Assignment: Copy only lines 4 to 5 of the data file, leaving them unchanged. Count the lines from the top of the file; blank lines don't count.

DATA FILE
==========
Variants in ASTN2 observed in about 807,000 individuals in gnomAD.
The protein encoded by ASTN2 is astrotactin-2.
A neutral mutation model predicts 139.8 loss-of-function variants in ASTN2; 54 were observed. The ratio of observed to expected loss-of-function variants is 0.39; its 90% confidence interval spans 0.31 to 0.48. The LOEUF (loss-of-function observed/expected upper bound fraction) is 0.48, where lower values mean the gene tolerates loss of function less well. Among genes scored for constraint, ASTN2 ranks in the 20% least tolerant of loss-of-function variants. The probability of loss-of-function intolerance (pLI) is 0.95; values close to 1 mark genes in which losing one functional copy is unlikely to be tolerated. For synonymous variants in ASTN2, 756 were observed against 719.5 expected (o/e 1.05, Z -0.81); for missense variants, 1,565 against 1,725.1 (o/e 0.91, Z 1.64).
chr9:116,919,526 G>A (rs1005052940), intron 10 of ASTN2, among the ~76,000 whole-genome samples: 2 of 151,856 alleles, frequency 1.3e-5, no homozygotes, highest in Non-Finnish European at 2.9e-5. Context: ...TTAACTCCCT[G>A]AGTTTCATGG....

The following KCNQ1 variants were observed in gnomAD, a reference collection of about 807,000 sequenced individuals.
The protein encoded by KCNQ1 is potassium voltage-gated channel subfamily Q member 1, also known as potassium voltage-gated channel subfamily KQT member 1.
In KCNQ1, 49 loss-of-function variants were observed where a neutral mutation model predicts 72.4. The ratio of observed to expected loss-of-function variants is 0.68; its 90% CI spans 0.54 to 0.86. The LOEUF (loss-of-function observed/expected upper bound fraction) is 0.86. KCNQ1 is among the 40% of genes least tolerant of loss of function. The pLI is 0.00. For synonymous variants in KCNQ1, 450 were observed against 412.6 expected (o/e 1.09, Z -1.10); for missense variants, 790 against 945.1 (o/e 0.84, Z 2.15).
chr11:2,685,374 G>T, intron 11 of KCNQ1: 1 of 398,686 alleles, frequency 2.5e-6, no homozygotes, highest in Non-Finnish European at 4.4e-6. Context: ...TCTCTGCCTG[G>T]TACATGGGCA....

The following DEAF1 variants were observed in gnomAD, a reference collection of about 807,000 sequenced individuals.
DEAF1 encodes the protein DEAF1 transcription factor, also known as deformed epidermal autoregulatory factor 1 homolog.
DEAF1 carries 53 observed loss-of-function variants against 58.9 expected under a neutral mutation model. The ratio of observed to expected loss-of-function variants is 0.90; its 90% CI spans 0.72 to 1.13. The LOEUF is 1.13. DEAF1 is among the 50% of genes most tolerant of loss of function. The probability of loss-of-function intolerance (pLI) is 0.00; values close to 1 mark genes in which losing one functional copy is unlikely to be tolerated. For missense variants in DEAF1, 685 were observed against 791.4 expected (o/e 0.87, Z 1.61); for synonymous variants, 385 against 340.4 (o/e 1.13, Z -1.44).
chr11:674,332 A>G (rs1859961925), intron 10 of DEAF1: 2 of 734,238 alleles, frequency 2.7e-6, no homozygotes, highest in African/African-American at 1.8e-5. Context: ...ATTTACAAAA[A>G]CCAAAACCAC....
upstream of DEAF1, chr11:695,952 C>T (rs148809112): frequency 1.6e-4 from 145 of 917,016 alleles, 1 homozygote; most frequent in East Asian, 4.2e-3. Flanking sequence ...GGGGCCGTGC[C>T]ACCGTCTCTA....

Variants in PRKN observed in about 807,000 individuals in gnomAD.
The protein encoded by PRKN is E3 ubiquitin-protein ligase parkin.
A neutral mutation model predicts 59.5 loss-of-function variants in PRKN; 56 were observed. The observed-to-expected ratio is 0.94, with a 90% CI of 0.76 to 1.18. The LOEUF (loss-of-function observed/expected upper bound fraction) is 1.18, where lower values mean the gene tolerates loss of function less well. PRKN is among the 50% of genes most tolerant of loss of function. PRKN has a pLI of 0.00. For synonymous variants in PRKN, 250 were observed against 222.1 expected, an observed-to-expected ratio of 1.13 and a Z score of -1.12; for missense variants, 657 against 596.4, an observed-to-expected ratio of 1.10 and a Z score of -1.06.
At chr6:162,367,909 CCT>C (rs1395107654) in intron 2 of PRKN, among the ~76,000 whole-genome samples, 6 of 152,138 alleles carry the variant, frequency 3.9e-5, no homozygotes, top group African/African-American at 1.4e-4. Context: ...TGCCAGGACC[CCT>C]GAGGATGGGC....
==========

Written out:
chr9:116,919,526 G>A (rs1005052940), intron 10 of ASTN2, among the ~76,000 whole-genome samples: 2 of 151,856 alleles, frequency 1.3e-5, no homozygotes, highest in Non-Finnish European at 2.9e-5. Context: ...TTAACTCCCT[G>A]AGTTTCATGG....

The following KCNQ1 variants were observed in gnomAD, a reference collection of about 807,000 sequenced individuals.